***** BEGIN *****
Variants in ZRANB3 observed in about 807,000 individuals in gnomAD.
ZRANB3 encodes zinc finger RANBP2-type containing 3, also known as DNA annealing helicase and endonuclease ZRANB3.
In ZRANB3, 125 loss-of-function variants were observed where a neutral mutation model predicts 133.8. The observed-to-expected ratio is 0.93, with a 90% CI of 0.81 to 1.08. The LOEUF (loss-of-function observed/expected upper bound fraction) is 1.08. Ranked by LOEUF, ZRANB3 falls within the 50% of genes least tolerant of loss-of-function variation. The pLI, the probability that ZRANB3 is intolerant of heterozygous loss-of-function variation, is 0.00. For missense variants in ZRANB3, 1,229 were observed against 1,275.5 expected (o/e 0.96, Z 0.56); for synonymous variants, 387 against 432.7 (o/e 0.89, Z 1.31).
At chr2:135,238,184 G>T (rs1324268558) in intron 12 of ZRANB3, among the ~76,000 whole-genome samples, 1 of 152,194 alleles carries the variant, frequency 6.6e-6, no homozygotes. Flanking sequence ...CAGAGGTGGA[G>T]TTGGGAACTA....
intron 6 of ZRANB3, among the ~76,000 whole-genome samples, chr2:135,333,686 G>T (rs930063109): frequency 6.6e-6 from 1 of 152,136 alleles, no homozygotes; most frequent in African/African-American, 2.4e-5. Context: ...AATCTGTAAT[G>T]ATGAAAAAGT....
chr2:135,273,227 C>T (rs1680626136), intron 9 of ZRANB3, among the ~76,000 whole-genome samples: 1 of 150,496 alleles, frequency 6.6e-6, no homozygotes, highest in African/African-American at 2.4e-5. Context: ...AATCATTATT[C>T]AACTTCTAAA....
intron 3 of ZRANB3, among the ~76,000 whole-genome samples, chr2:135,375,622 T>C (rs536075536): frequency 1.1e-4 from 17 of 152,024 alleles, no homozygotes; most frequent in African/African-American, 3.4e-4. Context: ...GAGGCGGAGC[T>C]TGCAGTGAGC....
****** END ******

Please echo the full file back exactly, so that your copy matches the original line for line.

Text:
Variants in ZRANB3 observed in about 807,000 individuals in gnomAD.
ZRANB3 encodes zinc finger RANBP2-type containing 3, also known as DNA annealing helicase and endonuclease ZRANB3.
In ZRANB3, 125 loss-of-function variants were observed where a neutral mutation model predicts 133.8. The observed-to-expected ratio is 0.93, with a 90% CI of 0.81 to 1.08. The LOEUF (loss-of-function observed/expected upper bound fraction) is 1.08. Ranked by LOEUF, ZRANB3 falls within the 50% of genes least tolerant of loss-of-function variation. The pLI, the probability that ZRANB3 is intolerant of heterozygous loss-of-function variation, is 0.00. For missense variants in ZRANB3, 1,229 were observed against 1,275.5 expected (o/e 0.96, Z 0.56); for synonymous variants, 387 against 432.7 (o/e 0.89, Z 1.31).
At chr2:135,238,184 G>T (rs1324268558) in intron 12 of ZRANB3, among the ~76,000 whole-genome samples, 1 of 152,194 alleles carries the variant, frequency 6.6e-6, no homozygotes. Flanking sequence ...CAGAGGTGGA[G>T]TTGGGAACTA....
intron 6 of ZRANB3, among the ~76,000 whole-genome samples, chr2:135,333,686 G>T (rs930063109): frequency 6.6e-6 from 1 of 152,136 alleles, no homozygotes; most frequent in African/African-American, 2.4e-5. Context: ...AATCTGTAAT[G>T]ATGAAAAAGT....
chr2:135,273,227 C>T (rs1680626136), intron 9 of ZRANB3, among the ~76,000 whole-genome samples: 1 of 150,496 alleles, frequency 6.6e-6, no homozygotes, highest in African/African-American at 2.4e-5. Context: ...AATCATTATT[C>T]AACTTCTAAA....
intron 3 of ZRANB3, among the ~76,000 whole-genome samples, chr2:135,375,622 T>C (rs536075536): frequency 1.1e-4 from 17 of 152,024 alleles, no homozygotes; most frequent in African/African-American, 3.4e-4. Context: ...GAGGCGGAGC[T>C]TGCAGTGAGC....